We might have extended these extracts from the works of Professor Monk much farther, if we had not been apprehensive of wearying the reader. Some persons may, perhaps, think that we have already gone beyond what was necessary. But in a question
of practical education, which is our great aim in this Journal, nothing would be more unsatisfactory than a train of general remarks, even though clothed in the most attractive language. As, in the common arts of life we must know the different processes and manipulations, so in the most important of all, the art of education, we must patiently and carefully examine details even to the minutest particulars; agreeably to the sentiment of that truly practical and admirable writer on education, Quintilian—ad minora illa, sed, quæ si negligas, non sit majoribus locus, demittere me non recusabo.'* In the present instance, too, we have flattered ourselves, that many of our young readers, whose education is not yet completed, would take a lively interest in seeing specimens of the exercises and modes of study prescribed to those of their own age in that nation, which speaks the same language with ourselves, and whose literature is ours.
In order, however, to complete our view of the literary discipline of the English universities, it is proper for us to add some further remarks, relative to the manner of conducting the examinations of the students, including those which take place annually, or oftener, during the college course, and those which are preparatory to giving degrees. On the former, Mr. Wainewright observes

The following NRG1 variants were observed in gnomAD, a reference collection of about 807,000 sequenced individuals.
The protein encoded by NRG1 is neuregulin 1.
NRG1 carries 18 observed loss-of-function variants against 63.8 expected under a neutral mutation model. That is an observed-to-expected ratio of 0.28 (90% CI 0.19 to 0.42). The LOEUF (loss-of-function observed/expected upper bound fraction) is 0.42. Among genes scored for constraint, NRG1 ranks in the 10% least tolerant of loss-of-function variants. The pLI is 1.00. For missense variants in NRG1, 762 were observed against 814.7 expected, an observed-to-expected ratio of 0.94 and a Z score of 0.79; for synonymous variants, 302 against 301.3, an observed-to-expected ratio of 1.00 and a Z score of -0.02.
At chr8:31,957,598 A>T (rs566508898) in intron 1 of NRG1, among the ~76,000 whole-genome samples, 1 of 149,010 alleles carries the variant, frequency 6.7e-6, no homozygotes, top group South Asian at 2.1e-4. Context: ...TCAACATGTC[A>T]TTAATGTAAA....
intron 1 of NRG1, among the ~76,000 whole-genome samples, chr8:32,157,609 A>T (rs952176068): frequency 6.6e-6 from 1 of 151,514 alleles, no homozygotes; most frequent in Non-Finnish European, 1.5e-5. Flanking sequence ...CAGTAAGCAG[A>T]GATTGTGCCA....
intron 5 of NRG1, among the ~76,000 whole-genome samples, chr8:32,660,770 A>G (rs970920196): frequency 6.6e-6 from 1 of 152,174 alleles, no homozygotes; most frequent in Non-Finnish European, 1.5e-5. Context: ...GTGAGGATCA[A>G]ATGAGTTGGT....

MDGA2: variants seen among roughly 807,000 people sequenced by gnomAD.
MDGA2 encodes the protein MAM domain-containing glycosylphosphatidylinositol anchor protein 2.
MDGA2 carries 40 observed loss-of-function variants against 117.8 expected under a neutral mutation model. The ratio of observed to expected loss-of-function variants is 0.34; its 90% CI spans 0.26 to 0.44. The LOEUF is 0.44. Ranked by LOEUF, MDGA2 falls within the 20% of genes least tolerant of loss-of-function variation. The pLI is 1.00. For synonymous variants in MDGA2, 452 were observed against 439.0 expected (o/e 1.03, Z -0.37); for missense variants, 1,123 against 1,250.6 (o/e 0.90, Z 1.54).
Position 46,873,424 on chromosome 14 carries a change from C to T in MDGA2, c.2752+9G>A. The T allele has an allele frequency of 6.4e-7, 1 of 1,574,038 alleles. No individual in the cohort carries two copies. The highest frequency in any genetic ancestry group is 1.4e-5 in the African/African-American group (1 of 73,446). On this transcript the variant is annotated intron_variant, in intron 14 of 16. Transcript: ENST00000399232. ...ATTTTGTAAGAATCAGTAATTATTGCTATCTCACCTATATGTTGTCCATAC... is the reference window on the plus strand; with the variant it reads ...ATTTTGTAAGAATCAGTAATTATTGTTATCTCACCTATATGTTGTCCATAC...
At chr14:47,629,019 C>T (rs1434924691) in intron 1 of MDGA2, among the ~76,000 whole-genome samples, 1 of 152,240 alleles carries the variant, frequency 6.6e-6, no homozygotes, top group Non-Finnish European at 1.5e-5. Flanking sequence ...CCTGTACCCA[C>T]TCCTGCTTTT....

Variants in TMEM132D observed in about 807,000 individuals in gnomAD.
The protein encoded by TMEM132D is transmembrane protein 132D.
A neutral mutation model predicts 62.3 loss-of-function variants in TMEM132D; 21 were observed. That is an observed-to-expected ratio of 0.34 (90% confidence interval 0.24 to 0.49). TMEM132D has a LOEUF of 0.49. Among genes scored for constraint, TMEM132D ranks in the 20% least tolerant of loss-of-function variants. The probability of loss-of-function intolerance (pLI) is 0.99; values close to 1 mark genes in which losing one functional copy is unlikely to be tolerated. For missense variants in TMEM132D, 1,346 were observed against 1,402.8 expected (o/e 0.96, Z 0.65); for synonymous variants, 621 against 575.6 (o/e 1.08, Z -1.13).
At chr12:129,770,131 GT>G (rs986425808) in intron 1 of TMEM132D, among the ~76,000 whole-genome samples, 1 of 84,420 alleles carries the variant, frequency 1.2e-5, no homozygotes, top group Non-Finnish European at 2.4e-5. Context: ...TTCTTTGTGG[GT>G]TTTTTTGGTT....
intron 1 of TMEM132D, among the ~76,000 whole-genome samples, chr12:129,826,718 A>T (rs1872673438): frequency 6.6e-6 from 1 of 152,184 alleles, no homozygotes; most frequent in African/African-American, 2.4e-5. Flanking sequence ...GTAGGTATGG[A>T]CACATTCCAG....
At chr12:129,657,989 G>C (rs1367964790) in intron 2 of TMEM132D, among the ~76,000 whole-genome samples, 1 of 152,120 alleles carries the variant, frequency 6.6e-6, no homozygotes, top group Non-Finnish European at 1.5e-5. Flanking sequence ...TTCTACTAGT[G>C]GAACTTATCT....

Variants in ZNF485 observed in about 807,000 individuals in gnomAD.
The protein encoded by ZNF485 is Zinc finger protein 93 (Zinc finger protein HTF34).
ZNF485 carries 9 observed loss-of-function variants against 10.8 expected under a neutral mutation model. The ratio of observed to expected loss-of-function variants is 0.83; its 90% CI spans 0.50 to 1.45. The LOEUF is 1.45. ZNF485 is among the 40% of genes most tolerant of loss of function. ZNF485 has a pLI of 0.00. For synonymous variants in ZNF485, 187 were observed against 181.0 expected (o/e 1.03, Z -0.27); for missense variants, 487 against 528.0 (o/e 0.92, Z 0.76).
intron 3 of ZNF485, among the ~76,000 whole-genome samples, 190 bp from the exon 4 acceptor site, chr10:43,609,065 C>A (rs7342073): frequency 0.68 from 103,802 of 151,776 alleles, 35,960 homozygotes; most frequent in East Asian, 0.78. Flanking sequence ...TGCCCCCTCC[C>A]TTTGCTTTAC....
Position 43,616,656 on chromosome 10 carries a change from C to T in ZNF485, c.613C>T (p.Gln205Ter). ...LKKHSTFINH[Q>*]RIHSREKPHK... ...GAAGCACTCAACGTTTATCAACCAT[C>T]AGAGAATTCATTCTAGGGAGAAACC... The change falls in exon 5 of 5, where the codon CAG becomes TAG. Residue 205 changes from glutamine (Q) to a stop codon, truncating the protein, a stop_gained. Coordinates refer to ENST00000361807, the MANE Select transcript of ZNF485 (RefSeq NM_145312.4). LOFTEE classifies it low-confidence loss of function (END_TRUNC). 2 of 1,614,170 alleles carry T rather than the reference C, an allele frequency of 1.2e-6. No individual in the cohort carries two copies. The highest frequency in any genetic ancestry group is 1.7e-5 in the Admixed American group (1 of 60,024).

• In describing the incentives to the cultivation of general literature, it is perhaps impossible to mention any thing more conducive to this great object, than a regulation which has been for many years adopted by several of our collegiate bodies ; nor need I apprehend any inclination to dispute the truth of this assertion, when I name the college examinations, which owe their introduction into this place of education to Dr. Powell, formerly master of St. John's College. The students are examined once, and in some instances twice, every year, in the balls of their respective colleges, not only in classical and mathematical learning, but on various points of history, geography, chronology, and antiquities. At the termination, a list is forned of all u bo have passed this literary trial, in which the names are arrang. ed according to their comparative merit, and rewards are allotted to those iudividuals who compose the two first classes. Many, to whom the acquisition of fame has no charms, and wr.o are content' to keep the noiseless tenor of their way,' may elude the severity of the general or university examinations, as well as some share of the opprobrium inseparably attached to ignorance and stupidity, by an open avowal of their aversion to the branches of science particularly appropriated to those occasions, and their total indifference to the at. tainment of distinction. But in these more private examinations, the number of candidates being smaller, and the contest lying between those who daily associate with each other, the abilities of each can